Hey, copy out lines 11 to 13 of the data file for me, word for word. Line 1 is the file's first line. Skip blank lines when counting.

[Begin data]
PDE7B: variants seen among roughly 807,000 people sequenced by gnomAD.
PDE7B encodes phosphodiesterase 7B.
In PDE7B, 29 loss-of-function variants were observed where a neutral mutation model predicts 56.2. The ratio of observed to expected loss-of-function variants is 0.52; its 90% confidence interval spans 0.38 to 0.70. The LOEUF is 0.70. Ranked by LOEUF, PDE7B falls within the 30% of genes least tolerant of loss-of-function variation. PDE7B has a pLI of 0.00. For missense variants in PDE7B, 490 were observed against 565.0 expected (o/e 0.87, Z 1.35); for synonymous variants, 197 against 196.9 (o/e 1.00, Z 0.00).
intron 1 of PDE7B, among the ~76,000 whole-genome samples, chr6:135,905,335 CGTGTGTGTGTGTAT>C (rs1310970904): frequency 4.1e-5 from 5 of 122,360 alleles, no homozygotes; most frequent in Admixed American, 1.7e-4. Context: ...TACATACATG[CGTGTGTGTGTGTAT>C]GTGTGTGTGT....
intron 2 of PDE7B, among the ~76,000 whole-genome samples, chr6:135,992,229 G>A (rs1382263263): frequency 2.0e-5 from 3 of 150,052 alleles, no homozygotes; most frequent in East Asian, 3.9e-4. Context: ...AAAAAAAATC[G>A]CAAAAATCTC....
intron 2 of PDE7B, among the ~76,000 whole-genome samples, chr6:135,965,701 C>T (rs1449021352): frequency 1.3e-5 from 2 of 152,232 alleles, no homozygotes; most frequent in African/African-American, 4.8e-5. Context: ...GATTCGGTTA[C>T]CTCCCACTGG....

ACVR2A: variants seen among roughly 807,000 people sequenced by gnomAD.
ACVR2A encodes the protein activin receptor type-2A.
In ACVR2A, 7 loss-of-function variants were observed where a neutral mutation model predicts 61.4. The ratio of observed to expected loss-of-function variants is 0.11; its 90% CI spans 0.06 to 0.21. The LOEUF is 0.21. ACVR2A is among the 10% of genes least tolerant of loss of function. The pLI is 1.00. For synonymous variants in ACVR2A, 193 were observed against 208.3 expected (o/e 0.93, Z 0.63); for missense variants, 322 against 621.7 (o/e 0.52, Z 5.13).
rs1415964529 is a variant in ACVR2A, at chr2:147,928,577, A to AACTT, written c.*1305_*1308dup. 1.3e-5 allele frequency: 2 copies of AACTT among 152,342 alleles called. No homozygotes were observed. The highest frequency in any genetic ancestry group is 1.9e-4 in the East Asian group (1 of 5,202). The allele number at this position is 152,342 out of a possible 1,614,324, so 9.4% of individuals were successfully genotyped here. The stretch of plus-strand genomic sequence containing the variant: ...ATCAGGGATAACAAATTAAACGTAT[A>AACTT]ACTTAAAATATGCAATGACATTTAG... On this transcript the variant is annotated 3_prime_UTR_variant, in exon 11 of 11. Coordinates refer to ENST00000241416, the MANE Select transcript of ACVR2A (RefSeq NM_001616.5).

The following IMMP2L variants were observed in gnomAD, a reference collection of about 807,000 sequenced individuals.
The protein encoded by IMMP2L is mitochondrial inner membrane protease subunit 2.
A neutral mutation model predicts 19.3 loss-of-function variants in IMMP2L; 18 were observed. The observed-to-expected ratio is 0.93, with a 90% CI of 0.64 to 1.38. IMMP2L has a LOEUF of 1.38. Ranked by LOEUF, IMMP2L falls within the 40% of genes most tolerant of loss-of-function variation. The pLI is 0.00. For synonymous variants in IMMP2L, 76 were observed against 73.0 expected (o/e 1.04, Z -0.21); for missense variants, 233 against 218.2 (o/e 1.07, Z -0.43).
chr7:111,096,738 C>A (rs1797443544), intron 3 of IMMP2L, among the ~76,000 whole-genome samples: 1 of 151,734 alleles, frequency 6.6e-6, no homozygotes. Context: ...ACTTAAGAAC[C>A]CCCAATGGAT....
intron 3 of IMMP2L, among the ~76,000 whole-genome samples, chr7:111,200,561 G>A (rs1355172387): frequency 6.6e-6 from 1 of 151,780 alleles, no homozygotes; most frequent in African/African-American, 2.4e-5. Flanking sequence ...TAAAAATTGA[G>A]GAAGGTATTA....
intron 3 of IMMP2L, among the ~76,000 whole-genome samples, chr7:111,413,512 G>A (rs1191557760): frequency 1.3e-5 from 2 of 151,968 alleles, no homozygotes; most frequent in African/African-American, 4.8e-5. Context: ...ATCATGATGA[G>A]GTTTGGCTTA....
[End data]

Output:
The following IMMP2L variants were observed in gnomAD, a reference collection of about 807,000 sequenced individuals.
The protein encoded by IMMP2L is mitochondrial inner membrane protease subunit 2.
A neutral mutation model predicts 19.3 loss-of-function variants in IMMP2L; 18 were observed. The observed-to-expected ratio is 0.93, with a 90% CI of 0.64 to 1.38. IMMP2L has a LOEUF of 1.38. Ranked by LOEUF, IMMP2L falls within the 40% of genes most tolerant of loss-of-function variation. The pLI is 0.00. For synonymous variants in IMMP2L, 76 were observed against 73.0 expected (o/e 1.04, Z -0.21); for missense variants, 233 against 218.2 (o/e 1.07, Z -0.43).